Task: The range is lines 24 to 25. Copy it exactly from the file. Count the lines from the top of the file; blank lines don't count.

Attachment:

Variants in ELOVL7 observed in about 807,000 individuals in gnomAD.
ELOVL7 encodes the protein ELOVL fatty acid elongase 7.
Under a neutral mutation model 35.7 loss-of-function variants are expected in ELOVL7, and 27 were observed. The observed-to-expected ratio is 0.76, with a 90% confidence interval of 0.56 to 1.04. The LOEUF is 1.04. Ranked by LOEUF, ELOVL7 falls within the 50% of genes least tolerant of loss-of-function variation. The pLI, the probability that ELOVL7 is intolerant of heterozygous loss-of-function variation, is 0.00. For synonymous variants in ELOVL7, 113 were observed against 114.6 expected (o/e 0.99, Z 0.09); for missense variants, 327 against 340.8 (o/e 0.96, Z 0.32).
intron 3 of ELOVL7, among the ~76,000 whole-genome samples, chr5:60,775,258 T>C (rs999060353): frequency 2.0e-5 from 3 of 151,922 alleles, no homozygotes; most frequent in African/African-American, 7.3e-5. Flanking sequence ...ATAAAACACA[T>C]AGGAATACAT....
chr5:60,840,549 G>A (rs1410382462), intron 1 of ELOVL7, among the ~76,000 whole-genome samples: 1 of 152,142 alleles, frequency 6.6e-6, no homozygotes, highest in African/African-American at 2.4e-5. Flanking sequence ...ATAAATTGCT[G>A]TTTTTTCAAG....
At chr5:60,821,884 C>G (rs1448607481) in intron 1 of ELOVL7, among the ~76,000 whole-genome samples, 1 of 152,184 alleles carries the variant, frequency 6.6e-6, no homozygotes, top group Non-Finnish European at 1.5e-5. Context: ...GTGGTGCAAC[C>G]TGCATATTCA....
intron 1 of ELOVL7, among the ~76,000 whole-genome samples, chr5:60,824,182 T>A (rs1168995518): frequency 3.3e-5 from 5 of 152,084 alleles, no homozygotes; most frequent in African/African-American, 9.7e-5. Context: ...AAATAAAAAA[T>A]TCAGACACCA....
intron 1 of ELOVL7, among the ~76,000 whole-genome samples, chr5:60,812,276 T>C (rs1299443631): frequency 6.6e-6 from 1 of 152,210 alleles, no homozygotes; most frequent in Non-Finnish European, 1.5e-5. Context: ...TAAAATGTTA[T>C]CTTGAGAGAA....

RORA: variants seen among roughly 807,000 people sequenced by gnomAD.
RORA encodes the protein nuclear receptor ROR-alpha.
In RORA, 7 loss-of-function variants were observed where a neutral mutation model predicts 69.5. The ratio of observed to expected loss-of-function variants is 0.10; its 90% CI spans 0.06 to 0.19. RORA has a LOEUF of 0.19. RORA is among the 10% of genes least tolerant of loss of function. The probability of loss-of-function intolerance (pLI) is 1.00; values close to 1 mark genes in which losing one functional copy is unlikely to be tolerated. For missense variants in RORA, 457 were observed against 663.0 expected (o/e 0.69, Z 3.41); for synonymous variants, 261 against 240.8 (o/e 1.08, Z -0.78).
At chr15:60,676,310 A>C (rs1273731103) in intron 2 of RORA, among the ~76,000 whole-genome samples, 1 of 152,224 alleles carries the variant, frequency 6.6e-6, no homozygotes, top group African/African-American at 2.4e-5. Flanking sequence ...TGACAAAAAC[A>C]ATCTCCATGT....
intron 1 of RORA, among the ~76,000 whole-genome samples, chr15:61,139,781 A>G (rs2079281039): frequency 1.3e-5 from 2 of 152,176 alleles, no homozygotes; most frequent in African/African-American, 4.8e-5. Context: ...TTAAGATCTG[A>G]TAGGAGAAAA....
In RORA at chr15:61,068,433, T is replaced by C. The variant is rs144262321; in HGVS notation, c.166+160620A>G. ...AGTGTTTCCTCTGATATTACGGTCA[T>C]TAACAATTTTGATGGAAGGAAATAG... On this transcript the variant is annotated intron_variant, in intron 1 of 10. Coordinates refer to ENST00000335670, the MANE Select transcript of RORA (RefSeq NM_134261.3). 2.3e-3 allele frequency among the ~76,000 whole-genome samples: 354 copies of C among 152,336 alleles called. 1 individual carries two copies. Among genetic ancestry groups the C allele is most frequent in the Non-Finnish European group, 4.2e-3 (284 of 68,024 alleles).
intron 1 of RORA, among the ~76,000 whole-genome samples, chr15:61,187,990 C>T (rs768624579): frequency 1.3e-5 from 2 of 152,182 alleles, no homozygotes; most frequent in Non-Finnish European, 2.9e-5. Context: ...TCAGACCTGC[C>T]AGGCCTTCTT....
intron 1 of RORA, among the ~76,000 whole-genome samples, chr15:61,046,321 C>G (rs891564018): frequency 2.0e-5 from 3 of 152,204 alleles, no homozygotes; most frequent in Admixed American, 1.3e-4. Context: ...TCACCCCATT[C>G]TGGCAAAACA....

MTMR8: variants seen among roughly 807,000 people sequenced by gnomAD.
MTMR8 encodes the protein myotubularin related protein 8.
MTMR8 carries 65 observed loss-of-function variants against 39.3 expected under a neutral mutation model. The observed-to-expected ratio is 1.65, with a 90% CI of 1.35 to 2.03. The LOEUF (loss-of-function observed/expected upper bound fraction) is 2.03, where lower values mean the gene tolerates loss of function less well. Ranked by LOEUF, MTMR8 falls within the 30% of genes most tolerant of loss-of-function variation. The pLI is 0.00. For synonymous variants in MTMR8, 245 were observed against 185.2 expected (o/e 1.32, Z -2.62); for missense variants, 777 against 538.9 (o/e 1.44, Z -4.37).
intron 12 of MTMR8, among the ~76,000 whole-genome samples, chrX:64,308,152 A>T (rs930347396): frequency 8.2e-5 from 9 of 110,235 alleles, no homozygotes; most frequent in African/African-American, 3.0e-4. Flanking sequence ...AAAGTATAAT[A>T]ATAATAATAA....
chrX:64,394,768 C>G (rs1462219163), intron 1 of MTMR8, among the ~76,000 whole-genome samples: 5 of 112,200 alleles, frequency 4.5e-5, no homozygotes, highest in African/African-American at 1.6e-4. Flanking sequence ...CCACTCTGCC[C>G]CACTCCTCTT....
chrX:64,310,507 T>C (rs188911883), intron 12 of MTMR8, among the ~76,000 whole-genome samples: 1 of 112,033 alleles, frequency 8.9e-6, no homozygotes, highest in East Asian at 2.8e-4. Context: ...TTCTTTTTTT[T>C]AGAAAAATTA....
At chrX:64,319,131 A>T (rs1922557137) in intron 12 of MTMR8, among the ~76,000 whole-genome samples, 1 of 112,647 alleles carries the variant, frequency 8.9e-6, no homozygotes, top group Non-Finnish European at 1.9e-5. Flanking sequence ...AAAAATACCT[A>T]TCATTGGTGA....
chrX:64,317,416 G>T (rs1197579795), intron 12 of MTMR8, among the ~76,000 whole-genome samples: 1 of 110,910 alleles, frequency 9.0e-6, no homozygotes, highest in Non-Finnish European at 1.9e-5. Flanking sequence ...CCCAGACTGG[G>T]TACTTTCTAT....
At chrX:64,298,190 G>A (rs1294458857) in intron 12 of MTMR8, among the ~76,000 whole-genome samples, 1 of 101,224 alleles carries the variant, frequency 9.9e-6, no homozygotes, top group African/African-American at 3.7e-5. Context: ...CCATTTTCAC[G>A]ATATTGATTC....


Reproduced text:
chrX:64,317,416 G>T (rs1197579795), intron 12 of MTMR8, among the ~76,000 whole-genome samples: 1 of 110,910 alleles, frequency 9.0e-6, no homozygotes, highest in Non-Finnish European at 1.9e-5. Flanking sequence ...CCCAGACTGG[G>T]TACTTTCTAT....
At chrX:64,298,190 G>A (rs1294458857) in intron 12 of MTMR8, among the ~76,000 whole-genome samples, 1 of 101,224 alleles carries the variant, frequency 9.9e-6, no homozygotes, top group African/African-American at 3.7e-5. Context: ...CCATTTTCAC[G>A]ATATTGATTC....